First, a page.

FAO#30: 16 Horsepower, The Raincoats & Teenage Fanclub

With seemingly as many new records hitting music store shelves as reissue or retrospective produce in recent times, keeping up with both streams of relentless output can be pretty damn exhausting for completionist connoisseurs with diverse tastes.  There’s simply no breather from it all anymore, particularly in this year’s post-summer release schedule surge.  Hence, the need for this column to once again excavate a few archival wares from the avalanche and wrap them up in one ostensibly tidy if unthematic bundle.

16 Horsepower – Yours Truly (Glitterhouse Records, 2CD/double-vinyl/digital)

16 Horsepower - Yours Truly

Led by the grandson of a preacher man (David Eugene Edwards), 16 Horsepower’s dense canon – gathered through a 1992-2005 existence – has certainly been gently crying-out for a distilled anthology.  Seeped in Deep South imagery and spiritually-slanted prose, Edwards’ songs for 16HP were never easy to assimilate, particularly when channelled through his untamed tones and high-tension group delivery.  But through compiling 12 fan-chosen EP and album tracks alongside 13 b-sides/rarities – that are split respectively across two discs – with Yours Truly Germany’s Glitterhouse label has shone less intimidating new light on 16HP’s highly-spirited and bold career.

Crudely speaking, 16HP scavenged spilled seeds from the classic early-’80s line-up of The Gun Club, Nick Cave’s pre-Tender Prey gothic scene-setting and the desert-baked heavy rock of Thin White Rope, before sowing them across fields of raw blues, hillbilly country, Appalachian folk and twangy cow-punk.  With the ‘best of’ disc slanted heavily towards extracts from the band’s inaugural years – somewhat disbelievingly on major label A&M – it’s clear that 16HP peaked quickly on embryonic energy.  Hence, fledgling ‘hits’ like the biblical banjo-fired “Black Soul Choir,” the tremulous “American Wheeze,” the searing apocalyptic “For Heaven’s Sake” and the magnificent slide-driven “Haw” burn with the greatest fire and brimstone drama.  That said, extracts from the latter-years still hold merit, particularly when switching intensity for intimacy, with the atmospheric Your Funeral… My Trial-indebted “Hutterite Mile” and the aching acoustic shimmering of “Strawfoot” being particular stand-outs.  Although the second CD’s miscellaneous offcuts are perhaps only of real interest and reward to the loyal fans who helped to select tracks for the first CD, there are some nuggets to be found; such as a more rustic radio session version of “Black Soul Choir,” a murky slow-mo rebuild of Creedence Clearwater Revival’s “Bad Moon Rising,” a prowling twisted rewiring of Rainer Ptacek’s “De-Railed!” and less oppressive demo recordings of “Cinder Alley” and “Poor Mouth.”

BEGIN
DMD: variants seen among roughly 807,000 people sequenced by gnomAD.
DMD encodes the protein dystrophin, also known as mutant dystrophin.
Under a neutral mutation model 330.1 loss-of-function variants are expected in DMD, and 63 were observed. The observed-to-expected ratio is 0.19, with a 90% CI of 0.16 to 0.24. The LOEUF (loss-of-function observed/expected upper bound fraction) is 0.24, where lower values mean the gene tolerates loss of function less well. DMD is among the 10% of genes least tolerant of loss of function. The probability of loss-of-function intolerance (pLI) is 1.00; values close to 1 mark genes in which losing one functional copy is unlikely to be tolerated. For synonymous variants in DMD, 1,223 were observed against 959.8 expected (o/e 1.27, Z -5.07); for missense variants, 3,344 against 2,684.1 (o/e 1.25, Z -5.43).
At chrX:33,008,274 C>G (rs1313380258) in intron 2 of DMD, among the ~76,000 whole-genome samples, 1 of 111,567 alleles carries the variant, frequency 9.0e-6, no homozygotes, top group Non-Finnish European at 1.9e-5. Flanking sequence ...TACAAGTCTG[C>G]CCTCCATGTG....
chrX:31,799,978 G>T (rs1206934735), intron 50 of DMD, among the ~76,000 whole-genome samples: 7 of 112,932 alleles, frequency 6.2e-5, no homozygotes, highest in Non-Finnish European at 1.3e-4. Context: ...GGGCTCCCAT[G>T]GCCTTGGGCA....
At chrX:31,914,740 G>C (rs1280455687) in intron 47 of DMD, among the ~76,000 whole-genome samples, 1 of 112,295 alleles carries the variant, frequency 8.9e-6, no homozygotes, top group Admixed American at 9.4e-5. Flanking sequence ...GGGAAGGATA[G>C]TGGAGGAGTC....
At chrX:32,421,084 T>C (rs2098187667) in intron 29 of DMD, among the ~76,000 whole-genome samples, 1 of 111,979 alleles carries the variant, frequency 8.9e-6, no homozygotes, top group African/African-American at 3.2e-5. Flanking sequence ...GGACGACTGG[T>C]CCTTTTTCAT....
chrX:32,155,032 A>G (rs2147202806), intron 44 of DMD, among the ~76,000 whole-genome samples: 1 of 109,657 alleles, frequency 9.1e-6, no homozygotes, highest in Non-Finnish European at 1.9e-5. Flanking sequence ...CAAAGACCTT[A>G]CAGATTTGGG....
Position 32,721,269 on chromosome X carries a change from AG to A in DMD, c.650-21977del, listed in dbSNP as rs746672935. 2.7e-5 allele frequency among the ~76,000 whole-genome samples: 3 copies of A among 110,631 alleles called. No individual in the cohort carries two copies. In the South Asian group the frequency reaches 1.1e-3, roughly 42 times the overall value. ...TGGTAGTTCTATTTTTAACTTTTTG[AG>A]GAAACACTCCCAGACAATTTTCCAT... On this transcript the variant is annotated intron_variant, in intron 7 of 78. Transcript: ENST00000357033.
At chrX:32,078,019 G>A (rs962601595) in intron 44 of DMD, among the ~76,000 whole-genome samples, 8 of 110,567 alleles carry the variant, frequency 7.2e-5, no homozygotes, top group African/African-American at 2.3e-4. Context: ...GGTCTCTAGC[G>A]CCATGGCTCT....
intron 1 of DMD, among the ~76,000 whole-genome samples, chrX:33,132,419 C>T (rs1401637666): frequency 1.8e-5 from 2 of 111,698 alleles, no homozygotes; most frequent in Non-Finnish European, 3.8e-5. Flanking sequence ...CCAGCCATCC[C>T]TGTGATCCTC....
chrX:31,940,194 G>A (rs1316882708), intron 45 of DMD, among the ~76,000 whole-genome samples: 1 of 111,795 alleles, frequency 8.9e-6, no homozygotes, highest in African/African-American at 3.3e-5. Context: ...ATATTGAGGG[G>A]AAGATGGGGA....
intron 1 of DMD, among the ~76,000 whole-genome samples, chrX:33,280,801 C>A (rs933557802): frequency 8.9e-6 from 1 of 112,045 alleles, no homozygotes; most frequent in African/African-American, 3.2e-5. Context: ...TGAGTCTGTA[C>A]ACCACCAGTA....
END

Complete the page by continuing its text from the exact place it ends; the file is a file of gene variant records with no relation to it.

Overall, this is a highly creditable collection that positively reawakens the recorded legacy of a brave and uncompromising band that might too easily have been forgotten about or lazily-filed in the Americana annals.

The Raincoats – Odyshape (We Three Records, CD/vinyl/digital)

The Raincoats - Odyshape

When it comes to focussing in on the actual original recorded work of The Raincoats, historical obstacles have often proven to be a distraction.  With the band’s original albums floating in and out of print for the last 30+ years, The Raincoats’ biography is better known via references to Rough Trade’s late-‘70s/early-‘80s hippie-punk years, as a footnote in the Nirvana story due to Kurt Cobain’s smitten fandom and through the indelible direct/indirect impact on everyone from Throwing Muses and PJ Harvey to Sleater-Kinney and Scout Niblett.  Thankfully though, now that the band has apparently secured self-releasing control of its back catalogue, the core musical tale is finally being re-told more directly, albeit in piecemeal chapters.  So following on then from the 2009 reissue of the eponymous 1979 debut, out again comes possibly The Raincoats’ most obtuse yet influential long-player, Odyshape.